A condition that occurs in an electric power system when the total real or reactive power of the power plants in the system is insufficient to supply all consumers with electric power of the required quality. A shortage of real power can result in a lowering of frequency throughout the power system and can ultimately lead to a breakdown condition. The breakdown condition can be prevented by connecting additional (spare) generators to the system or by disconnecting some of the consumers. A shortage of reactive power causes a voltage drop in the system. In extreme cases a so-called voltage avalanche can develop, resulting in emergency disconnection of all consumers. A voltage avalanche is best prevented by boosting or regulation of the excitation of the generators and synchronous compensators connected to the system, as well as by proper selection of the compensating equipment used in the system. Will There Be Power?
Who remembers when you got into your car, turned on the radio and let it warm up? Back in those days' radios had tubes in them and instant on was only a dream. Today we have global positioning systems, satellite radio and Onstar. The only thing that stays the same is that things change. Look at how much cars have changed in the past fifty years. We have computer controlled engines, computer controlled transmissions and computers that make individual climate changes for you and your passengers. But one thing hasn't changed much. That is the charging system and batteries. The last time the charging system and batteries changed was in the mid-50s when cars went from a 6-volt system to a 12-volt system. The last domestic carmaker to switch to the 12-volt system was Ford in 1955. Volkswagen went to 12 volts a few years later. There are so many demands on the electrical system and with what is planned for the near future, the electrical system is barely holding it's own. It is estimated that in the near future there will be over 300 sensors built into cars in the next few years. The capability of the charging system and batteries is being taxed to the limit and soon won't be able to keep up. In simple terms, there is a power shortage in modern cars.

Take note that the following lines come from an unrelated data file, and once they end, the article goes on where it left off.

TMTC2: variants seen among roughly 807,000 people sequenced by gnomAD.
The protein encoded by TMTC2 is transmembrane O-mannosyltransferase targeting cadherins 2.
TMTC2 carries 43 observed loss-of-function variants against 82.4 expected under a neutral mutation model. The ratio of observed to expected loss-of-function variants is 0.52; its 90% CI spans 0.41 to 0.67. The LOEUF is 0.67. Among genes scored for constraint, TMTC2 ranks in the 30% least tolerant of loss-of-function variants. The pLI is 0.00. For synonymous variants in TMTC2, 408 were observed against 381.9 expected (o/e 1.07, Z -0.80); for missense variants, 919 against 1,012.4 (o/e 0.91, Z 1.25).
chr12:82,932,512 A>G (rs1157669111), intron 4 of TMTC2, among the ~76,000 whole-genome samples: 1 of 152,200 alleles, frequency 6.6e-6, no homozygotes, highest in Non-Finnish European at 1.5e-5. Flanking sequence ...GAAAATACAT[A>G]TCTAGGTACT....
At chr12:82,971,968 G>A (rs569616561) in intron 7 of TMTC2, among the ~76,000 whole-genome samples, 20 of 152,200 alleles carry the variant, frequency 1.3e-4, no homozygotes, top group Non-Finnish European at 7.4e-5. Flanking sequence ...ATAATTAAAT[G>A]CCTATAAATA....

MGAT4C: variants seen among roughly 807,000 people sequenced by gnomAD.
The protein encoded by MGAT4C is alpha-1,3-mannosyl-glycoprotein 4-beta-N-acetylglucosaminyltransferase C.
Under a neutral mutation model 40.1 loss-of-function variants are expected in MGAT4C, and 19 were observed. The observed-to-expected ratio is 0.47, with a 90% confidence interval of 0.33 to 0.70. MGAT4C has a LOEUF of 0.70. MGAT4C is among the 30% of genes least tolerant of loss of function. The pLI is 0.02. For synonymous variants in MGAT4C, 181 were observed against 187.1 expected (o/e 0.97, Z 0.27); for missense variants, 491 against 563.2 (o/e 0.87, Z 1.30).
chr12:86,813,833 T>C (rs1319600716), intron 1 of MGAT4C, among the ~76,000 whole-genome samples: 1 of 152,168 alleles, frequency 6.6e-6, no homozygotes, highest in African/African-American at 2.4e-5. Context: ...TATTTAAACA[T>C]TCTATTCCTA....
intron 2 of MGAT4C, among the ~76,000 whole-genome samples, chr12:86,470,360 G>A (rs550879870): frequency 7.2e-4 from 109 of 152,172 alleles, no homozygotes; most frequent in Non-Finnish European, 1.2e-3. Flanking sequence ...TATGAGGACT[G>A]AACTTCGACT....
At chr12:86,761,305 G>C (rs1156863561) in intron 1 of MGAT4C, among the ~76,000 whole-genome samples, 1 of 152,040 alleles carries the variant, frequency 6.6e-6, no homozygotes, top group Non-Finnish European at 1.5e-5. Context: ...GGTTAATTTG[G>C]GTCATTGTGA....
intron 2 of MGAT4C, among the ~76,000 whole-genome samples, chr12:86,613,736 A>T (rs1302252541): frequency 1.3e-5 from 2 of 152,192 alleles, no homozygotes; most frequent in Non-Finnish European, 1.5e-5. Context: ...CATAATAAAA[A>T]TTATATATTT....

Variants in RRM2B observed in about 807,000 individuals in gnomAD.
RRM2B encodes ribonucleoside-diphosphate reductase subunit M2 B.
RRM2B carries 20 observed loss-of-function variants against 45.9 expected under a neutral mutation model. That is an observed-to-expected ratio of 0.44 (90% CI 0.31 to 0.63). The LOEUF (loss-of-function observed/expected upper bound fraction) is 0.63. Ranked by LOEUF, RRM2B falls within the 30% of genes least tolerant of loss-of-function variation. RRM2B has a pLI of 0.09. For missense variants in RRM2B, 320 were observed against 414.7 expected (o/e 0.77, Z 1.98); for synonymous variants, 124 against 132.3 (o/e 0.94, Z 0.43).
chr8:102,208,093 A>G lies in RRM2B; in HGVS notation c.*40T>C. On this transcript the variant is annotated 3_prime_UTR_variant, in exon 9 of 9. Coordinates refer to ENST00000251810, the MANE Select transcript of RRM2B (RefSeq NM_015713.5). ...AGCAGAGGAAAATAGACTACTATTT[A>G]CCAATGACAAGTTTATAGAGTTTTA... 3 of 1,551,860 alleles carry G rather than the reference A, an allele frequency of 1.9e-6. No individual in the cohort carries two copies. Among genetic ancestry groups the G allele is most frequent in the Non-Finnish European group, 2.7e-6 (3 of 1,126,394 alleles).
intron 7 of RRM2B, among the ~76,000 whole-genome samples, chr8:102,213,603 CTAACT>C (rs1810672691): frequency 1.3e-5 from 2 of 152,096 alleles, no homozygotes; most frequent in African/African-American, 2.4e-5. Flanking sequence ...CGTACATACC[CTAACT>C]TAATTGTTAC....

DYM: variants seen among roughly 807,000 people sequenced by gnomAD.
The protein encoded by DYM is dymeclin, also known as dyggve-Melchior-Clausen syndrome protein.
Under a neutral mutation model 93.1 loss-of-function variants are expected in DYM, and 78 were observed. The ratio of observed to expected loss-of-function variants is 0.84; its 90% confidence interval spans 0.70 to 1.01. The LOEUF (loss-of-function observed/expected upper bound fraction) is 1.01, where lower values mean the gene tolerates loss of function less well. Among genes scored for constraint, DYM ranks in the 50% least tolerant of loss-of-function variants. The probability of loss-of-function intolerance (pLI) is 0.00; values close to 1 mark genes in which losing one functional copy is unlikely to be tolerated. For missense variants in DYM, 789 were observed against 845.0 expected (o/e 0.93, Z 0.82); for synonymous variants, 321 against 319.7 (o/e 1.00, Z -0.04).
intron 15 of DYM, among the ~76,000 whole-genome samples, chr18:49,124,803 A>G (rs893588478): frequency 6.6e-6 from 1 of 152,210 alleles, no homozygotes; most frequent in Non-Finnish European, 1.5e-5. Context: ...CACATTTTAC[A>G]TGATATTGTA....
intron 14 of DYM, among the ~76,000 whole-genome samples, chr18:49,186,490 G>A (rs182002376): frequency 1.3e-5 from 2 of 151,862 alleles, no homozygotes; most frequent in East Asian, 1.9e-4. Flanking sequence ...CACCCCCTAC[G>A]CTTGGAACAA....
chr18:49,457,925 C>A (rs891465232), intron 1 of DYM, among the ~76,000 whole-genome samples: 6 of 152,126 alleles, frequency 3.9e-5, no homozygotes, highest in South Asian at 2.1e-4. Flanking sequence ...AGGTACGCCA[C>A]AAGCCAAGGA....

New Electrical System
Some of you might have heard about the emerging 42-volt system scheduled for production in the next few years. Developers are working with carmakers to develop systems that will be considered for use. As of now there are two different 42-volt systems, a single 42-volt system and a 14/42-volt system. Both systems will provide solutions to the increasing demand for power and allow for added electrical loads as well as open the door for new technologies. The 42-volt system will probably make its first appearance as a 14/42-volt system. The dual system is better in that it will allow the conversion to the new system to happen gradually and minimize the cost of the conversion. Some of the systems already in the car won't change for quite awhile. Certain systems actually work better at the lower voltage. Things like spark plugs and certain sensors won't really benefit from the increased voltage, and standard automotive incandescent lighting works best in the 12 to 14-volt range. There are several possibilities for the generation and storage of the single and dual systems. The most common will have an air or liquid cooled generator that will produce a voltage of 42 volts and about 5 to 10 kilowatts of electricity at the center. From that point there may be a DC-to-DC converter to convert 42-volts to 14-volts and two batteries, a 36-volt battery and a 12-volt battery. The vehicle systems will be tied to the appropriate battery. In another proposed system there is a 12/36 dual voltage battery. Now you're probably confused about the 36 and 42-volt relationship. We know that in the 12 volt system the nominal voltage is 14 volts. The 42-volt system is increased by a factor of three. So 12-volts x 3 +36-volts, 14-volts x 3 = 42-volts. No matter...